Psychological Self-Help

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Given the right circumstances, there is little doubt that reviewing
and thinking through traumatic events that have happened to us can
be very therapeutic. What are the favorable conditions? With an
empathic therapist or friend who encourages gradual disclosure and
understanding of the events and feelings, as might be done by an (Try to avoid talking to people who fuel the fires of
hatred and self-blame.) There are also many reports and studies
documenting the healing that frequently comes through writing (in
detail or over and over) about stressful, traumatic experiences--see
When traumatized, we are, of course, highly emotional. The task
isn't to stop emoting; we need our emotions. We need to be able to
handle our emotions--to be aware of them, to control certain excessive
emotions that make us irrational and to increase other emotions that
motivate us to act wisely, and to understand and use our feelings
effectively. For instance, learned optimism helps us overcome
helplessness and to see solutions. Optimism may also help us accept
some setbacks, failures, and faults, especially if we can make up for
want we have done. As in depression, the pessimist can learn to
identify his/her negative thoughts and challenge them. Also, life skills,
like problem-solving and self-change, can be acquired. Hope and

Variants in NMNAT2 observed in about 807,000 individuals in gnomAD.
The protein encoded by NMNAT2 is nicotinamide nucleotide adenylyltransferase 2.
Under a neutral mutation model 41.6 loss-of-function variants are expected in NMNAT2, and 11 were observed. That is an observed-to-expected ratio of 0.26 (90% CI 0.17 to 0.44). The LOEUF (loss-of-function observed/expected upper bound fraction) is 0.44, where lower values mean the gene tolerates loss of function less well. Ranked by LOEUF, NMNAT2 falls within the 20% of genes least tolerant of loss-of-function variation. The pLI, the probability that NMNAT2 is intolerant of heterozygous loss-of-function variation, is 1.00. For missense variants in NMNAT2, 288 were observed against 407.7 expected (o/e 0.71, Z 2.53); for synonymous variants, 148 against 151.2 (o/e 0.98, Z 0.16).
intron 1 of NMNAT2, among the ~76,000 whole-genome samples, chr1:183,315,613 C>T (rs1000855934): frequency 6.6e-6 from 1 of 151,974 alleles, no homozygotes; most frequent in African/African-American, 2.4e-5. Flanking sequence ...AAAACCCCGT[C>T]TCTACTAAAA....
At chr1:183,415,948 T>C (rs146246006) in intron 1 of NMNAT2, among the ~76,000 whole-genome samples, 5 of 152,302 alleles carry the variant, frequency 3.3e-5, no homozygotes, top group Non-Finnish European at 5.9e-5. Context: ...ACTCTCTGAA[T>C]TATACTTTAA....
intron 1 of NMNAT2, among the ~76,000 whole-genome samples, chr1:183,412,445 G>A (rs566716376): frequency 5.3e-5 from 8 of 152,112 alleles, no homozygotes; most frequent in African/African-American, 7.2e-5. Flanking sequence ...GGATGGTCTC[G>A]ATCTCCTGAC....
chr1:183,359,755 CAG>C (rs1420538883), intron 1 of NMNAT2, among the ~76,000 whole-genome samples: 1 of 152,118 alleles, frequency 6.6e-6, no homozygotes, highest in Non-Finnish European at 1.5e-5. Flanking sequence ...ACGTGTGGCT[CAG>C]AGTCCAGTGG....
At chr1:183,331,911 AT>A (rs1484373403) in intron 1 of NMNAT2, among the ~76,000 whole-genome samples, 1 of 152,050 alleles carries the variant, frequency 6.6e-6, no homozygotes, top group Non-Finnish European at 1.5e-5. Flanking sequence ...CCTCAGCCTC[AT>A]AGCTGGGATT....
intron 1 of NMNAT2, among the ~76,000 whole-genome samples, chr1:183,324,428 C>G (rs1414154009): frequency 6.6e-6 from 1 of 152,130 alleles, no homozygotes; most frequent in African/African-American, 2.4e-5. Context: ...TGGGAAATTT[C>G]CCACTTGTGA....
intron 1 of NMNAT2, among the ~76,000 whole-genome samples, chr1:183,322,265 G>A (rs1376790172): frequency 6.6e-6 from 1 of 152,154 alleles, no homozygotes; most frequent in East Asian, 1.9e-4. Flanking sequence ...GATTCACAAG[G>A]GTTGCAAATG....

confidence go up when you get things done, make good decisions, and
communicate well (all learnable skills!). Wise persons have observed
that crises, even awful ones, often offer opportunities and benefits (in
the middle of a really bad situation, you are likely to resent being told
this, but in time you might see some truth to it). If you can come to
see some possible "silver lining," it will help. 
Trauma reactions are exhausting, causing us to lose our self-
control much like in learned helplessness. We need to regain some
control. It is usually important to talk to trusted, empathic, non-
directive friends, often telling our story over and over again. Maybe
see a counselor. A change of environment, sleep, having a good time
with friends, and just rest are often helpful. Many things can reduce
the effects of trauma. There are many books and Web sites to read.
There are many sources of help and many things to learn. We need a
concrete, doable plan to cope and improve our lives. An assorted list of
Safe Horizon ( services
provide help to persons who have been assaulted, stalked, abused,
beaten up, robbed, and so on. 
Becoming Absorbed with One’s Wounds
Some people can't remember the original trauma that started their
psychological crises; other people can't forget the major trauma in
their life. This section is about the people whose bad memories or
thoughts are the dominant theme of their minds. In some instances,
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